Story Last modified at 10:13 p.m. on Wednesday, June 1, 2011
Healing in the field Select group of JBER medics get expert badge
BY ARMY STAFF SGT. JASON EPPERSON
Pfc. Jason Woolard, 6th Engineer Battalion (Combat) (Airborne), and Spc. Ronald Burton, 725th Brigade Support Battalion (Airborne), cross the four-mile marker during a 12-mile road march May 20, part of the test for the Expert Field Medical Badge.
Photo by U.S. Army Staff Sgt. Jason Epperson
3rd MEB Public Affairs
Some 123 soldiers began a grueling, six-day competition to earn one of the U.S. Army's most coveted skill badges.
By graduation day, only 20 remained to receive the Expert Field Medical Badge at a May 20 ceremony on Pershing Field at Joint Base Elmendorf-Richardson.
It was the first time in about 17 years that the base offered medics a chance at the badge created in 1965 as a Department of the Army special skill award to recognize exceptional competence and outstanding performance by field medical soldiers. The testing process remained largely unchanged until an update in 2008.
Army Capt. Daniel T. Coulter, commander of C Company, 725th Brigade Support Battalion (Airborne), was the officer in charge of the course. He earned his badge at Fort Bragg in 2005.
"It's a truly rigorous event that tests the will, strength, physical and mental toughness of all Army medical personnel and it clearly distinguishes the best of the best in our medical department," Coulter said. "Statistically, less than 3 percent of our Army medical department possesses the Expert Field Medical Badge and the training we provided added to those numbers."
To earn the EFMB, candidates must pass 11 of 14 tasks for tactical combat casualty care; pass eight of 10 tasks for evacuation of the sick and wounded; pass 10 of 13 warrior skill tasks; pass four of five communication tasks; pass a comprehensive written examination; find three of four points during the land navigation course and complete a 12-mile foot march in three hours, according to Coulter.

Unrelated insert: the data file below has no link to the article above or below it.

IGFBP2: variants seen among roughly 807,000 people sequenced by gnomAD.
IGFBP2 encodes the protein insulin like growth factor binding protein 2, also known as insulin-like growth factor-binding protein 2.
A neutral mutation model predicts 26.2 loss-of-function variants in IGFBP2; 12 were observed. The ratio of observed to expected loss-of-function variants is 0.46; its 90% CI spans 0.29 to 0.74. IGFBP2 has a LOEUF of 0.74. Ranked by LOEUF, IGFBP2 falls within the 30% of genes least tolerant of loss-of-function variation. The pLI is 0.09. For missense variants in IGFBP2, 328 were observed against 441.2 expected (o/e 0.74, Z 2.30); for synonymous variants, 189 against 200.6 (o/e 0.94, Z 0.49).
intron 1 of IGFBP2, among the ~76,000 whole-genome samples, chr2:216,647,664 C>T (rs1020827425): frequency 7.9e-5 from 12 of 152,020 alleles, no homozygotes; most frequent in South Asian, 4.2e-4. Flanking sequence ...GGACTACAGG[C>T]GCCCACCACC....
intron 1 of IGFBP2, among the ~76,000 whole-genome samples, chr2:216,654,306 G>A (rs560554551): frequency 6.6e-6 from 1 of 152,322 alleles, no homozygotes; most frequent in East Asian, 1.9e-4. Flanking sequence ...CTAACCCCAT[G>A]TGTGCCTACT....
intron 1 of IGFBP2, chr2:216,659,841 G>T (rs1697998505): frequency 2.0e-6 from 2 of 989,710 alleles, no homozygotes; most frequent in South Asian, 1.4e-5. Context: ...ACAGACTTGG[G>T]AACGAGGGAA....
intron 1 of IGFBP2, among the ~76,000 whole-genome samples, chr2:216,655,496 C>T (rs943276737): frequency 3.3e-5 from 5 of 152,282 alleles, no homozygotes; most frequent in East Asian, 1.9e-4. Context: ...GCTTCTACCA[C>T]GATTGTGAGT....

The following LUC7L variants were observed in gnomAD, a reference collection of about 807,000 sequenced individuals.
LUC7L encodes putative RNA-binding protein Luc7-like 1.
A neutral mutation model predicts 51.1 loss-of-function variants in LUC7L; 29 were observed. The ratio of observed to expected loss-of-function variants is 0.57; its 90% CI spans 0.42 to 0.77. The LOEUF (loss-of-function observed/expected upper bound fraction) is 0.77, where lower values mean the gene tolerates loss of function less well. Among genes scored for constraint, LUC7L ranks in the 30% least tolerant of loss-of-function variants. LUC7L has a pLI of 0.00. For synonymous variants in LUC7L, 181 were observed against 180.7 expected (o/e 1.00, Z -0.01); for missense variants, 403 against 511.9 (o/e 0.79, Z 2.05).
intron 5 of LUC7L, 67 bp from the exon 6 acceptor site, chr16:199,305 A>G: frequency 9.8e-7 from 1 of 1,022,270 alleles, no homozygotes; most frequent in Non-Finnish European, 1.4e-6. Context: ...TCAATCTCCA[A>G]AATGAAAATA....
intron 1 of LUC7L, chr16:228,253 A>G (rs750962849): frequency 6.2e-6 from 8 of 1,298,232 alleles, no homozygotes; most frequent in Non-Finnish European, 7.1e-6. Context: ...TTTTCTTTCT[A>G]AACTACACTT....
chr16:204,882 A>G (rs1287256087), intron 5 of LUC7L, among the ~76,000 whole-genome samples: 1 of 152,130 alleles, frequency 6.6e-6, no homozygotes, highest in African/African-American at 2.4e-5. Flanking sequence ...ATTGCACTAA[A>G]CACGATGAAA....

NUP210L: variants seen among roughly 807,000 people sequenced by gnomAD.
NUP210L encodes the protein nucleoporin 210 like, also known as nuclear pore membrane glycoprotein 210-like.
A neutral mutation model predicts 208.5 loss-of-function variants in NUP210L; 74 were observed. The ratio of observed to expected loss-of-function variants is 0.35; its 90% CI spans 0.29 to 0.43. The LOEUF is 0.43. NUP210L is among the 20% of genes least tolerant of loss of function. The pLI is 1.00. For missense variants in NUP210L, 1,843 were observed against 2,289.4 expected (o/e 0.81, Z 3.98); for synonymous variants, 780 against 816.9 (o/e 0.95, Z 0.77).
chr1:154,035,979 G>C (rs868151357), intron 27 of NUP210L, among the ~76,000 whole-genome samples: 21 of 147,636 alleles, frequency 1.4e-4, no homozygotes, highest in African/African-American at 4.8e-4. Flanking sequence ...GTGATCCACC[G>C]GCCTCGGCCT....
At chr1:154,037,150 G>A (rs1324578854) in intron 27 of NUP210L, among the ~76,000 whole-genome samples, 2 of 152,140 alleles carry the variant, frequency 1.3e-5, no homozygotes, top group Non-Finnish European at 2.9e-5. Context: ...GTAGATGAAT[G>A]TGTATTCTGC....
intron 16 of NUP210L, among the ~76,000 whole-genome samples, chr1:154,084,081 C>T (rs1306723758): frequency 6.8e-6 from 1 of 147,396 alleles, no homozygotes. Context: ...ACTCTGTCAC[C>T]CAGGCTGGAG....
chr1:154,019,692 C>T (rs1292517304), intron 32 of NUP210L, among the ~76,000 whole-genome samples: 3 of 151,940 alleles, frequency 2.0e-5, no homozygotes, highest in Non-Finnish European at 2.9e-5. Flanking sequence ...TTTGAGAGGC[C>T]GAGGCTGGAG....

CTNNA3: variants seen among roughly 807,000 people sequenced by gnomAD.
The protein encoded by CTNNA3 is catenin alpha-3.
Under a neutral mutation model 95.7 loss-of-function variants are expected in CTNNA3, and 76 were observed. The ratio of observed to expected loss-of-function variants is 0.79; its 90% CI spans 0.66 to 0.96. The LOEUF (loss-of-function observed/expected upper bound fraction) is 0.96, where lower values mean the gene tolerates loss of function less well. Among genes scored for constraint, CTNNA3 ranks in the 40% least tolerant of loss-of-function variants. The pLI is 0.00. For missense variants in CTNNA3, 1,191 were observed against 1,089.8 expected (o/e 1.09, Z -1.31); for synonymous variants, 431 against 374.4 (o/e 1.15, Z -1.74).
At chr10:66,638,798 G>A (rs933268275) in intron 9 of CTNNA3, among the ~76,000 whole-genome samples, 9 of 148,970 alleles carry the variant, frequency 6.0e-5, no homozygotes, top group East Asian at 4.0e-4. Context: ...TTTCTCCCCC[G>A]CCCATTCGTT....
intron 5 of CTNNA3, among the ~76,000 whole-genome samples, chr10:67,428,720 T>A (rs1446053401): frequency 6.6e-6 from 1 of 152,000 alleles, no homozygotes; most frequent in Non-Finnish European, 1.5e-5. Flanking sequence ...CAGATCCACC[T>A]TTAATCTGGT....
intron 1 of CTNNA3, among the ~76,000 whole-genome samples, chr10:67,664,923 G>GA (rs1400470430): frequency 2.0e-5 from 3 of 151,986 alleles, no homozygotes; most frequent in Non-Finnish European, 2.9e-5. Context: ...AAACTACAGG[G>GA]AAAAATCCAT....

The prerequisites before being accepted as an EFMB candidate include passing an Army Physical Fitness Test, qualifying with assigned weapon and having a current life-support certification.
The event "really brought together" the candidates of 4th Brigade Combat Team (Airborne), 25th Infantry Division and also incorporated the 3rd Maneuver Enhancement Brigade, Coulter said. The two don't normally train together.
"It was very well run; a lot of people put a lot of effort into making it happen," he said. "It was a real team effort."
Sgt. 1st Class Terry W. Stringfellow, the U.S. Army Alaska Surgeon noncommissioned officer in charge, was in charge of Combat Training Lane 2.
"Several months of planning went into it, with over 120 candidates that started," Stringfellow said. "There are people that came from Fort Lewis, Hawaii and Fairbanks, so it was a lot to put together logistically, getting the training areas laid on and the lanes set up and everything. I'm glad we were given the opportunity to run one. "
It takes a large team to run the EFMB testing, according to the event's NCOIC.
"As far as the support package we have about 120 people that are actively supporting," said Sgt 1st Class Matthew R. Gritta, Headquarters, 4-25th ABCT, Surgeon NCOIC and EFMB NCOIC.
"This is lane support and life support that has to happen out here in the FOB to continue operations," Gritta said. "Everything from chow to changing out the lanes, to getting supplies, to running the (tactical operations center) ... doing coordination as well as doing our (transportation) and even our communication support."
U.S. Army Alaska Commanding General Maj. Gen. Raymond Palumbo was on hand to congratulate and pin the EFMB on the candidates during the ceremony on Pershing Field.
One of the freshly pinned Soldiers, Pfc. Jason Woolard, a medic with 84th Engineer Support Company (Airborne), 6th Engineer Battalion (Combat) (Airborne), said he was glad the course was over.
"It was not quite as bad as I thought it would be, but it was difficult," Woodard said. "The lanes were challenging and mentally exhausting. I can handle the physical - you know that's all heart - but the mental was definitely tough. CTL One, the medical lane, stood out from the others because you had to be so precise and you had to be on your game 100 percent. There's no room for error."
If anyone is thinking of giving the course a run, Woolard offered this advice: "Forget everything you know. You have to start training from scratch and go by the book. Don't give up. It's all heart and motivation and determination."
This article published in The Alaska Star on Wednesday, June 1, 2011.